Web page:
Marks & Spencer Single Hop Ales

Marks & Spencer Single Hop Ales

Ten years ago, Marks & Spencer stocked a limited range of unexciting beers, generically packaged, with no information about where they had been brewed, or by whom. We would never have imagined then that we would one day be able to order from them a mixed case of four pale ales each designed to showcase a single hop variety.

  • Elgood’s Sovereign Golden Ale (5%)
  • Crouch Vale Hallertau Brewer’s Gold Golden Ale (4%)
  • Castle Rock Cascade Pale Ale (5%)
  • Oakham Citra IPA (4.9%).

The labels of all four bottles not only provide all of the essential information you might expect but also a potted history of each hop variety, e.g.:

The brewer’s gold hop was originally developed at Wye College in the UK in 1927 as one of the first ‘higher alpha hops’ and is now mostly grown in the renowned Hallertau region of Bavaria where hop planting dates back to 736AD.

Most casual buyers won’t be terribly interested in that level of detail — they don’t need to know about Wye — but they will pick up the intended message: it’s sophisticated stuff, this beer.

The range isn’t quite a Brewdog-style pseudo-scientific exercise in palate-training: each beer in the M&S range is made by a different brewery to a different recipe, so the hop variety is far from being the only variable in play. Nonetheless, three of the four do a good job of putting the hop to the fore.

Castle Rock’s amber-coloured Cascade IPA reminded us, perhaps unsurprisingly, of Sierra Nevada Pale Ale: restrained by modern standards, but citrus-juicy and full-bodied. The Crouch Vale Brewer’s Gold has a mellow central European character, lemon-sherbet hoppiness being balanced by bready malt: it would be good by the litre. Oakham Citra is one-dimensional, in a good way, being all about bright, Technicolor tropical fruit flavours and aromas. After each, we felt somewhat better educated.

The dud is the Elgood’s Sovereign. It doesn’t taste bad, as such, but like a beer with a dash of chocolate flavouring in it, presumably from whichever dark malt gives it its red-brown hue. The cheap Easter egg character overwhelmed what is, anyway, a fairly delicately-flavoured hop entirely. Weirdly, in the small print (as Simon pointed out to us) ‘honey flavouring’ is listed as an ingredient. Why is it there? And is it the source of a tacky vanilla essence note? The beer certainly didn’t taste of honey.

We bought our case of twenty 568ml bottles (five of each) from the M&S website where it was on discount from £40 to £36.50, plus £3.50 delivery. UPDATE: we also bought a case of ‘dark beers’ for £40 and have posted some brief tasting notes on our Facebook page.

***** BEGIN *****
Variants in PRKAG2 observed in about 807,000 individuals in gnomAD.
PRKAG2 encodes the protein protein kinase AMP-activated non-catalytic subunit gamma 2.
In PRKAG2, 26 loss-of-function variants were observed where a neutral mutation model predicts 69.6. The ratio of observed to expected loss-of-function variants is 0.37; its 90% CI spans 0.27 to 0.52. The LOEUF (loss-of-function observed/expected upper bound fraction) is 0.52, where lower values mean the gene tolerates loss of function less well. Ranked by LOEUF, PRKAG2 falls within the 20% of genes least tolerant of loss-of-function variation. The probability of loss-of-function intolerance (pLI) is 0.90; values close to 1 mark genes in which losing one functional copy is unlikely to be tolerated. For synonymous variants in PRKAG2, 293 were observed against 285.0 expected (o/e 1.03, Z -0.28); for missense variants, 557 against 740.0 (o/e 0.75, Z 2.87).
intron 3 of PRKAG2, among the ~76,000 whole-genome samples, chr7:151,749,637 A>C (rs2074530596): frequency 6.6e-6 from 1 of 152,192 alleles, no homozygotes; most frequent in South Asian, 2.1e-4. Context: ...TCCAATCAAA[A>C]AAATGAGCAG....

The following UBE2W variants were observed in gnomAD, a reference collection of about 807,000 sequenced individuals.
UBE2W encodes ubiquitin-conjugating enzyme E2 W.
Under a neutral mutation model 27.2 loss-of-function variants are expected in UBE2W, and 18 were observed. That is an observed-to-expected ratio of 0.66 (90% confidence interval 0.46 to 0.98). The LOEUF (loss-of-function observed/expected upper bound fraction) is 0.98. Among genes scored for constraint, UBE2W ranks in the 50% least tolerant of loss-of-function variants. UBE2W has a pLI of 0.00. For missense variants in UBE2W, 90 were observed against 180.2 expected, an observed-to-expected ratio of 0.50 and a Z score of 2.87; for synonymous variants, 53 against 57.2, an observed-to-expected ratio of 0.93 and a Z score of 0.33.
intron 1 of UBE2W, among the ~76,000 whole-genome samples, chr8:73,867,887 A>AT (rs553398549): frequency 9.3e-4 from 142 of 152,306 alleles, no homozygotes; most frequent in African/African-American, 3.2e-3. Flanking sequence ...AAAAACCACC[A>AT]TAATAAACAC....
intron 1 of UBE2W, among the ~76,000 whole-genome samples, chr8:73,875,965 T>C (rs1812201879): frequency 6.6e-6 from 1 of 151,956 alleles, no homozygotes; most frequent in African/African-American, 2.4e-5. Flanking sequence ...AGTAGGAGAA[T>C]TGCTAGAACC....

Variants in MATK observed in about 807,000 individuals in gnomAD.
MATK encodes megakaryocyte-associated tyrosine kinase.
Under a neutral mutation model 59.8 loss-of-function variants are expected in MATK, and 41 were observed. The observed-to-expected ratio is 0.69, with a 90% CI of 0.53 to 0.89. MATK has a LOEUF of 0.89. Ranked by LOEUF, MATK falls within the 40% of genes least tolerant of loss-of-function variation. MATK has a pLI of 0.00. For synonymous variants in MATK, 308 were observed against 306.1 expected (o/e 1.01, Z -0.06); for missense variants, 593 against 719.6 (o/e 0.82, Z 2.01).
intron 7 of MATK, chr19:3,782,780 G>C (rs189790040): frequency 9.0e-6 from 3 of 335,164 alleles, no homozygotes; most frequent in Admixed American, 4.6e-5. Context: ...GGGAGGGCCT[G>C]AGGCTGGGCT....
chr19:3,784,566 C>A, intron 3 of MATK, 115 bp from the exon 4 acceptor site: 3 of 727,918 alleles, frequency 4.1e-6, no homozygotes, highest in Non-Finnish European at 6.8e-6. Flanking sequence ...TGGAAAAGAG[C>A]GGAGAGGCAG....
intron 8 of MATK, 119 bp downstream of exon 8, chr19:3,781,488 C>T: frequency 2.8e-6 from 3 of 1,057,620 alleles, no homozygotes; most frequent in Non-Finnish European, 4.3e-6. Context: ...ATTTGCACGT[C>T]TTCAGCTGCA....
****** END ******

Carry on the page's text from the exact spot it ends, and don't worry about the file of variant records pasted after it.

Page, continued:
10 thoughts on “Marks & Spencer Single Hop Ales”

  1. Sounds like (with 5 duds out of 20) id be better spending 40 quid on 15 bottles in beer Ritz or waitrose then. May pop into m&s next time I pass pick up a couple

  2. ooh another steve…i’ll also maybe pick these up in M&S, have seen them there but to me they’re almost rebadges of the brewers pre-existing beers

  3. Agree that Elgood’s offering is pretty poor. Oakham’s M&S Citra is fantastic though. M&S usually has a 6 bottles for the price of 5 on, although sometimes it is 3 bottles for £6. good value either way.

    Other good shouts in M&S are a London Porter Meantime, an Irish Stout from Carlow, rebadged Oakham JHB as Cambridgeshire Golden Ale, St Austell Cornish IPA and Adnams Winter and Summer IPAs.

    1. Didn’t realise it was JHB – had that one on the train the other night. I don’t know when I’ve had such an easy-drinking ale (in a good, flavourful way). Oakham continue to go up in my estimation – the Citra IPA was a “pause after each mouthful, what was that?” flavour-fest. (Again, in a good way!)

      Shame about the Elgood’s – I’ve never been knocked out by their stuff, and it sounds as if this one wouldn’t be any exception. On the price point, they’ve been going at £2.85 where I’ve seen them on sale, so £40 would actually be 15 for the price of 14, give or take.

      1. The main appeal of delivery for us, regardless of price, is that our nearest M&S is another town across and we don’t have a car.

        We also ordered a mixed case of porters/stouts/milds for about the same price. Slightly apprehensive about the Robinson’s Chocolate Porter…

        1. I’ve only had it once, but I liked it well enough – and beers with really obvious, flavour-masking additives are a pet hate of mine.

  4. Shame about the Elgood’s, since the Sovereign is the only British hop proper in the bunch I believe (a recent strain IIRC). Perhaps it is down to the particular brewing rather than the hop. I’d buy it though to encourage the revival of U.K. hop culture.

    Gary

    1. i don’t think it is the hop which is the issue with it, so i would buy other beer made with this hop.. I think it is the ‘honey’ flavour which left a disagreeable aftertaste

  5. Basically, I’m with what other corespondens say about the Elgoods Sovereign. Why add “honey flavour”? A shame really as Elgoods operate out of a fascinating traditional brewery, with a lovely restored garden behind – do visit if you get the chance.

    I’ve still to try the Castle Rock Cascade, but one comment I would make about these beers is they’re all in traditional pint (568ml) bottles, which makes the price rather more reasonable.

    ps. from memory, the Robinsons Chocolate Porter was light in colour; more like a bitter than a true porter.

  6. I second the praise for the St Austell M&S beers: the IPA is wonderful, and also the pale ale – reminds me of King & Barnes bottle-conditioned bitter from the 90s.

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